Maemo UI improvements blog.

December 24, 2008

New Year Countdown Series: #3 and #4

Filed under: Light UI modifications — Tags: , , , — Andrew Zhilin @ 20:18

It’s Christmas Eve, everybody making last preparations for great holiday, and I have 2 improvements for today! Why not only one? You’ll see it after the break.

Flicks.First of all I wanted to add some dynamic into device controling process. Button pressing is nice and handy, but it’s slightly boring from time to time. And not so spectacular for audience. If you remember the hype bout the iPhone, you’ll see that first eye-catching thing in it was kinetic scrolling. It’s not super handy, it doesn’t add some new dimension of usability. But it’s fun and spectacular. Same acts for “pinching”. For real, I think it’s one of the crapiest things in iPhone UI, but it entertains the audience.
So what I’ve thought is to make some fresh “flick” implementations. For example you can flick from title fo bottom to minimize application. Or flick from bottom to top to open task switcher.


The second improvement for today is connected with previous and based on flicks and maemo button. Since future UI would be highly adaptive and will give you the ability to use the device with both landscape and portrait orientations, there is the problem with top bar screen space. On the one hand you can’t show both title and statusbar and make them actually usable. And on the other you can’t remove one of them beacause they are important parts of the UI. The solution is pretty simple – let’s make them switchable with the flickafrom maemo button to the right. You don’t need title bar all the time so you can just flick it on when you need. And again, its entertaining and attractive :)
2

Tomorrow it’s Christmas and I have a really crazy christmas gift for you! Stay tuned!

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3 Comments »

  1. I love your mock ups here, the design and presentation is amazingly crisp :)

    That being said, this sliding motion around screens and over actions brings about its own issues which you see time and time again with interfaces of this type.
    (trying to second guess what the user intended is much more difficult than actually knowing they did something, see os2007 stylus/thumb detection for example)

    It is not the crisp clean swipe that bothers people, and its not the effect itself because when it works its very nice.

    the problem occurs when you miss-swipe and perform unintended actions in the current document.

    Whether it draws random lines on a sketching surface, or if you accidentally send that unfinished mail or any one of innumerable accidental events which occur.

    Look around the web at the number of UIs which *attempt* this sliding motion, and then name the ones which implement it flawlessly without getting in the way of your work.

    We have something similar on desktops with the compositing managers when switching desktops, but when I tried it I found myself being very careful where I started a swipe from and ensuring it was precisely right – exactly the opposite intention of the intended easy flick gesture.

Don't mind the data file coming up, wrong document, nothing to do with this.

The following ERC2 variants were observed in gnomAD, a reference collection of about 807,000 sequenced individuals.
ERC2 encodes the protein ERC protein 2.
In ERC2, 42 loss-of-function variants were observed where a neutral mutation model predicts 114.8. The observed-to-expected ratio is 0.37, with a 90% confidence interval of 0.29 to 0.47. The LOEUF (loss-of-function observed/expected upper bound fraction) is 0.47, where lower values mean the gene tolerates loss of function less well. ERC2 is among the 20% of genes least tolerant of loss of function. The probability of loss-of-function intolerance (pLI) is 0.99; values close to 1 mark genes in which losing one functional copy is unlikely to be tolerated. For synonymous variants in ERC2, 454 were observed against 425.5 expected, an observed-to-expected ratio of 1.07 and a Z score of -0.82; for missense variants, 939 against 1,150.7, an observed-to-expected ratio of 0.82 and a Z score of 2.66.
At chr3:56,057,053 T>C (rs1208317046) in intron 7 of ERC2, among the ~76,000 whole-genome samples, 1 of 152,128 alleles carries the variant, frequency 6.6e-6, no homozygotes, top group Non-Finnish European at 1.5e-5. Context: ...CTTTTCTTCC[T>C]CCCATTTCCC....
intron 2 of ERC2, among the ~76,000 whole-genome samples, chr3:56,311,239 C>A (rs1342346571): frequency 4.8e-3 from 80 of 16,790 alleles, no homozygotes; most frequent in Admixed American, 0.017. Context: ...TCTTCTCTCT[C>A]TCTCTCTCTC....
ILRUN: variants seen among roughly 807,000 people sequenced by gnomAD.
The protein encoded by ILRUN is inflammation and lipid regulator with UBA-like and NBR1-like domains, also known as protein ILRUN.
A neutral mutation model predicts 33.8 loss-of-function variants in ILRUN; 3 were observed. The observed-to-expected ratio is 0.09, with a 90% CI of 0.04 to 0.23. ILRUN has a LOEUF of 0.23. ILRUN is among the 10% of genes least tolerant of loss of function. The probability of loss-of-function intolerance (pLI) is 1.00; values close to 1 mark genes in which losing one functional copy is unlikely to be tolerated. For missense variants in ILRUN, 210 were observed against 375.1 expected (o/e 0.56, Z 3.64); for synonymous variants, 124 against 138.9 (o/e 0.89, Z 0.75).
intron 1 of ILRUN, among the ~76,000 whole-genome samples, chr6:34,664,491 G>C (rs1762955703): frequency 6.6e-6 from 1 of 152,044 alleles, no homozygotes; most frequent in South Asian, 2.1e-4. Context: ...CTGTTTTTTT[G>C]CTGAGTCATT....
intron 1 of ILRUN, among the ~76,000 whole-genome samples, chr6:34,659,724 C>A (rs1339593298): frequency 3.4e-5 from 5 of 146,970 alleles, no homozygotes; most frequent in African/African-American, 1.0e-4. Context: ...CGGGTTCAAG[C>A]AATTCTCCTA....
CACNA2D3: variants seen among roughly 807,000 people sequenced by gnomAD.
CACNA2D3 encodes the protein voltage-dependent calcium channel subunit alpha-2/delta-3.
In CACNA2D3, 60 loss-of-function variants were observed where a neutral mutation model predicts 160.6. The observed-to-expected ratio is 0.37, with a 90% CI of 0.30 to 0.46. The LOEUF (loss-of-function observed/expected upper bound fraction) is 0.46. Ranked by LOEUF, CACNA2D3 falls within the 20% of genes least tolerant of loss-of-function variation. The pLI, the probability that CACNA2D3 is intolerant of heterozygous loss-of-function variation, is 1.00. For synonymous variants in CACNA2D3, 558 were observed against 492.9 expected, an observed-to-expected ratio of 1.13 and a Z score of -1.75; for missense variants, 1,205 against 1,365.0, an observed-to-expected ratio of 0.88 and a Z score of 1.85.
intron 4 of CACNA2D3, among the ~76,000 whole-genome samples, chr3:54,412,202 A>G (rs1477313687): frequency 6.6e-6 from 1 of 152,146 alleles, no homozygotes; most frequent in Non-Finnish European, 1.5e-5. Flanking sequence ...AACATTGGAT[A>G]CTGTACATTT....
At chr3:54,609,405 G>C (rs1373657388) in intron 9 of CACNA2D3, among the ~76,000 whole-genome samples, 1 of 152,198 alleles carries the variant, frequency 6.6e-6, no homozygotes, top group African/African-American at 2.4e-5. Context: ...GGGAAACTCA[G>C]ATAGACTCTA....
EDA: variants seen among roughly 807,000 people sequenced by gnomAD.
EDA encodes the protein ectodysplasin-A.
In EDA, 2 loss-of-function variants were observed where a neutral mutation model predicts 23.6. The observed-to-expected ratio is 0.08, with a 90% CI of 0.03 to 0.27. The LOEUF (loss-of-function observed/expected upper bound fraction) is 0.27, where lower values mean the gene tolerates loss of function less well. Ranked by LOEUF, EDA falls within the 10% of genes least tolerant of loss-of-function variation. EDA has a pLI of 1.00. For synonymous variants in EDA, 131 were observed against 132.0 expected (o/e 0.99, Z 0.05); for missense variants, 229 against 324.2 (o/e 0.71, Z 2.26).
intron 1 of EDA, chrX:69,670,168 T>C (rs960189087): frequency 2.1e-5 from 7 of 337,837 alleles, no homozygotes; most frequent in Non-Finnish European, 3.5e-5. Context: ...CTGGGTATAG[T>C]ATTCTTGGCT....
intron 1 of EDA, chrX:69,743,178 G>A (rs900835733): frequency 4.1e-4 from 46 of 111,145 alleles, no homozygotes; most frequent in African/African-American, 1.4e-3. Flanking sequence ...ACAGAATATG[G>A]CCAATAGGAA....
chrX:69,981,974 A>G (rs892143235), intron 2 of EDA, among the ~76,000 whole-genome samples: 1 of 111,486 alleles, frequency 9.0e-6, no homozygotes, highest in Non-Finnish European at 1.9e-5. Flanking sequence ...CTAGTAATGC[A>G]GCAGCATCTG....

It would be simpler and more logical to assign a realistic amount of space for the app icon and part of its title giving up most space to the applet icons.
    (as your second mockup shows)

    When clicking the icon or cut down title it could expand smoothly to show the rest of the title (and shrink the applets in the process) before shrinking again after a couple of seconds.

    It would be dynamic, interactive and consistent without ever registering a misclick or jerking :)

    100% working and no need for a swipe.

    Please keep the kinetics and gestures for the places where they make sense, it will complicate matters if we tell people they have to start a swipe in the middle bottom of their screen and upwards, especially when the centre bottom of the screen may have something like a “Delete all” button in certain applications.

    I thought I was the only one mad enough to be hacking away over Christmas, I hope you are having a good time over there and I’m enjoying looking and reading about the ideas and things coming out of your mind :)

    gary (lcuk on #maemo)

    Comment by lcuk — December 25, 2008 @ 22:43

  2. Very nice to see you here, Gary! Thanks for such detailed answer.
    I can tell you about my positive desktop gestures experience. And surprisingly it’s not Mac =) It’s my use of Wacom Tablet with Vista. I can see that developer guys spent lots of time making that thing work perfectly. Flicks forward and back works flawlessly. So I think it’s just a matter of developer’s mind to make things work exactly as they are expected to work, filter and smooth movements, and of course matter of UI designer not to bind Ā«format deviceĀ» to double tap)
    I like your idea about app icon, mmaybe I can develop it into some mockup.